The recruitment of blue-chip quarterback Arch Manning, a rare collision of talent, pedigree and possibility, captivated college football for years.
While Manning has long been considered the top player in the Class of 2023, the family remained intent about attempting to keep his recruitment as low-key as possible. His Instagram is private, and he has not been an active participant in name, image and likeness opportunities. But that has still been difficult, considering the family’s pedigree and the magnitude of how much his decision could sway a program’s fortune.
Manning even used his first tweet to make the announcement, on a verified Twitter account with a bio that simply says “high school student.”
— Arch Manning (@ArchManning) June 23, 2022
Manning is a nephew of Eli and Peyton Manning, a grandson of Archie Manning and son of former Ole Miss wide receiver Cooper Manning. He is the star quarterback at Isidore Newman High School in New Orleans — throwing for 5,731 yards and 72 touchdowns in his first three years of high school football — and has been considered a top-flight prospect since middle school.
Any morsel of news around the quarterback has rippled significantly throughout the recruiting universe. The commitment of Manning’s high school teammate and close friend, three-star tight end Will Randle, drew interest as it represented a bellwether for where Manning could be leaning.
His commitment to Texas represents both Arch Manning carving his own path and perhaps reuniting with the family’s SEC roots. The Manning family has strong ties at Ole Miss and Tennessee, and Arch Manning could end up as a link to the SEC, as he could be Texas’ starting quarterback in 2025, when the Longhorns are slated to debut in the conference.
The commitment represents Texas’ first No. 1 overall recruit in the ESPN 300 era (since 2006) and its first quarterback ranked in the top 20 since Garrett Gilbert in 2009. It also gives Texas a key building block for its 2023 recruiting class, with skill players expected to be attracted to playing with a talent like Manning.
The decision marks a massive win for Texas coach Steve Sarkisian, especially coming off a 5-7 debut season that included a home loss to Kansas. Manning’s decision reaffirms Sarkisian as one of the country’s top quarterback tutors and Texas as a quarterback destination. Sarkisian is the Longhorns’ playcaller and has coached such quarterbacks as Tua Tagovailoa, Mac Jones and Matt Leinart.
The Manning family also built a strong relationship with Texas quarterback coach A.J. Milwee, which played a big role in the comfort level of sending him to Austin.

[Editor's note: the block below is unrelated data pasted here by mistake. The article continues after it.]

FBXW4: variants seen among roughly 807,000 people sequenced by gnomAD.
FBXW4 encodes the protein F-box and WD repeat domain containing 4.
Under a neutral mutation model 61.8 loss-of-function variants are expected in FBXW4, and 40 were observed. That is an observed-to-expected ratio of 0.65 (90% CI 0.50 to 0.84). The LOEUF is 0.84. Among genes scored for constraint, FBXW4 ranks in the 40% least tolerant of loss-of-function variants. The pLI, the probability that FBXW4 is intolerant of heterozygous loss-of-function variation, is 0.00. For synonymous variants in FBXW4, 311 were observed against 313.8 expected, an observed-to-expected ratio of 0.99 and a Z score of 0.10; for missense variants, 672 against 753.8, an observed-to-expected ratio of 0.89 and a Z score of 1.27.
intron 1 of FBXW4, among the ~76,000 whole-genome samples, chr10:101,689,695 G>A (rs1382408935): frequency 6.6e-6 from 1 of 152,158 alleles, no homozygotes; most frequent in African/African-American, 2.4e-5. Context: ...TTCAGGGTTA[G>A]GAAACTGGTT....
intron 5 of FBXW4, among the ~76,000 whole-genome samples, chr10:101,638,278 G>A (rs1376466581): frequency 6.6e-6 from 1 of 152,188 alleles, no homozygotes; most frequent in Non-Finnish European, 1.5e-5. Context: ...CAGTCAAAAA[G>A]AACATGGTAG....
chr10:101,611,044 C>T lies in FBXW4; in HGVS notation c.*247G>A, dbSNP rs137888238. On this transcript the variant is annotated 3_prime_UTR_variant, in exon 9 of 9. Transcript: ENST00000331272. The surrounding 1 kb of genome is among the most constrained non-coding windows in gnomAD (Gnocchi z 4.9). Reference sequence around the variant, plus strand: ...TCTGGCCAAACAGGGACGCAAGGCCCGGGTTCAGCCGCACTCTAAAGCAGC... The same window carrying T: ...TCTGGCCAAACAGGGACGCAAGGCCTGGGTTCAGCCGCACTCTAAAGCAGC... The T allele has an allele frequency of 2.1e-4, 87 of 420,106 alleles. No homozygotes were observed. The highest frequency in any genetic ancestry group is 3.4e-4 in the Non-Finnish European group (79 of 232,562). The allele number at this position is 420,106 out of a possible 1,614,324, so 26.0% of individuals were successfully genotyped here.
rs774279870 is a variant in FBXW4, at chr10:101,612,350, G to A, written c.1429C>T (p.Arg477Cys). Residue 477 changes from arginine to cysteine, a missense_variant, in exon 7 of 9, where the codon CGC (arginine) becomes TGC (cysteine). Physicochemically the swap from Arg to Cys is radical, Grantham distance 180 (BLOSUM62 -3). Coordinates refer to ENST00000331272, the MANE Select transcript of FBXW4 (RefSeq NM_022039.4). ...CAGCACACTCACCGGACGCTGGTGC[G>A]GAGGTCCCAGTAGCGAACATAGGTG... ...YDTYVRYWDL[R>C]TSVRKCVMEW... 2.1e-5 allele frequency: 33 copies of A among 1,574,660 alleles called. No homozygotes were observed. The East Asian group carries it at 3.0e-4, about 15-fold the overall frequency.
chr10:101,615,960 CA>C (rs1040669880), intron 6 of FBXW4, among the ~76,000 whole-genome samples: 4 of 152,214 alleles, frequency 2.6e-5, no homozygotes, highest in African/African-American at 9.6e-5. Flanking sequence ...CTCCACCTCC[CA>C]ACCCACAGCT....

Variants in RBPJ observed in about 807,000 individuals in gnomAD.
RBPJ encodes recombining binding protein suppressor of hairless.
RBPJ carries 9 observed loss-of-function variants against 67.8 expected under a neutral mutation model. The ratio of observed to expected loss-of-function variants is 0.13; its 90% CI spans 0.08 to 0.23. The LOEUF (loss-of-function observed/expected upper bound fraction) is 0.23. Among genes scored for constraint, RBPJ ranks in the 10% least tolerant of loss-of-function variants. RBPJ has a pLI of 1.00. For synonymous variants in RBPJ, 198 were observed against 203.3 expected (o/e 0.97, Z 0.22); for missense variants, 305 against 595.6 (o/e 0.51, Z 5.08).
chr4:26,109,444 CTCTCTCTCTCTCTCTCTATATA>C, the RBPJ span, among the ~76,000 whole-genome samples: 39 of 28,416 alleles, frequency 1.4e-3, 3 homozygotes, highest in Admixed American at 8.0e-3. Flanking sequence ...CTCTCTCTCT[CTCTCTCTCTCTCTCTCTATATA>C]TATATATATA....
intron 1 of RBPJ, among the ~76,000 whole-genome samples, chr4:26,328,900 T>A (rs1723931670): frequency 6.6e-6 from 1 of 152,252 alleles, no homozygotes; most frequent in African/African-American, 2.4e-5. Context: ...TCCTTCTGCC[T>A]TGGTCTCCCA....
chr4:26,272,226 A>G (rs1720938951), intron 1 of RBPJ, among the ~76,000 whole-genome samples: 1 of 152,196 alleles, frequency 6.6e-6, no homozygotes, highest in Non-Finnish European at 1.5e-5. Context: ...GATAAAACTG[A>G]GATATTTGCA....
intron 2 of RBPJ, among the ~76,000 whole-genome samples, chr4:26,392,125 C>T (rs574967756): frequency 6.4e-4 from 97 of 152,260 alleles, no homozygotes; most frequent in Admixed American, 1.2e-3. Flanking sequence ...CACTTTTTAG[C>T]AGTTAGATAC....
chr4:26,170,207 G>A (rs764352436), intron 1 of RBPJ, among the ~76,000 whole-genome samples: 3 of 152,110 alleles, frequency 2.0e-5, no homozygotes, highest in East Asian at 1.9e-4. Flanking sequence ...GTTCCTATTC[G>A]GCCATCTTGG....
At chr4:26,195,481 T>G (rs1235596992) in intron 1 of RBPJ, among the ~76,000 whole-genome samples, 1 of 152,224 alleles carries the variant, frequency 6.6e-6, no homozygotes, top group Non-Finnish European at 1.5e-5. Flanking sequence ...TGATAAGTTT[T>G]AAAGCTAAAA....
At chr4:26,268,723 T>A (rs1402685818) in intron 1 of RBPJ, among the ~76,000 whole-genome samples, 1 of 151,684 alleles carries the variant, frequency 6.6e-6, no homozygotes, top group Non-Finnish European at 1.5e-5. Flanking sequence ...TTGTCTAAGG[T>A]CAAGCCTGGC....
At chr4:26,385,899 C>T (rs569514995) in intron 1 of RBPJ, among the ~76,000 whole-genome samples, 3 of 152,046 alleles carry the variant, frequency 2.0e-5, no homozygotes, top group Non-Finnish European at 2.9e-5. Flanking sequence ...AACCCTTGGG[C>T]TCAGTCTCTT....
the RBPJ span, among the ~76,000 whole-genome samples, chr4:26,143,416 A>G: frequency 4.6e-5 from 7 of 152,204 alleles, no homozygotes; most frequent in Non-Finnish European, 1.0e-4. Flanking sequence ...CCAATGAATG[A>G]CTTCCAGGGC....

Manning’s decision gives Texas one of the country’s most robust and competitive quarterback rooms. The Longhorns have Ohio State transfer Quinn Ewers, who was widely considered the top quarterback in the Class of 2021. They also have talented quarterbacks in Maalik Murphy, an ESPN 300 recruit in the Class of 2022, and Hudson Card, who was ESPN’s No. 2 quarterback recruit in the Class of 2020.
How good is Manning? One coach who recruited him told ESPN that he would likely still be the No. 1 player in his class if his last name was something other than Manning.
“He does have a big arm,” the coach said. “He’s a lot more mobile than everyone thinks. He’s not like a Manning who can’t move. He can get out of trouble. He’s not a statue in pocket. He played basketball and can dunk.
“He’s a prototypical kid that sees the field well. He’s not going to make bad decisions and not make bad plays worse and will truly run the offense.”
Manning has developed a reputation as a gym rat who loves football. The biggest knock on him is the competition level in high school, as there will be a steep adjustment to college. But the coaches who recruited Manning were blown away by his work ethic, as he has embraced the details.
“What I’ve been impressed with is him living with the pressure,” the coach said. “He’s got to live with that pressure and deal with all that. That may be a good transition for him. He’s been doing it his entire high school career. No stage is going to be too big.”
And for Texas, the commitment gives the Longhorns a marquee player to build around for their journey to the SEC. Texas got blown out 40-21 at Arkansas last year — a barometer for just how far the program needs to go to compete with the middle of the pack in the conference.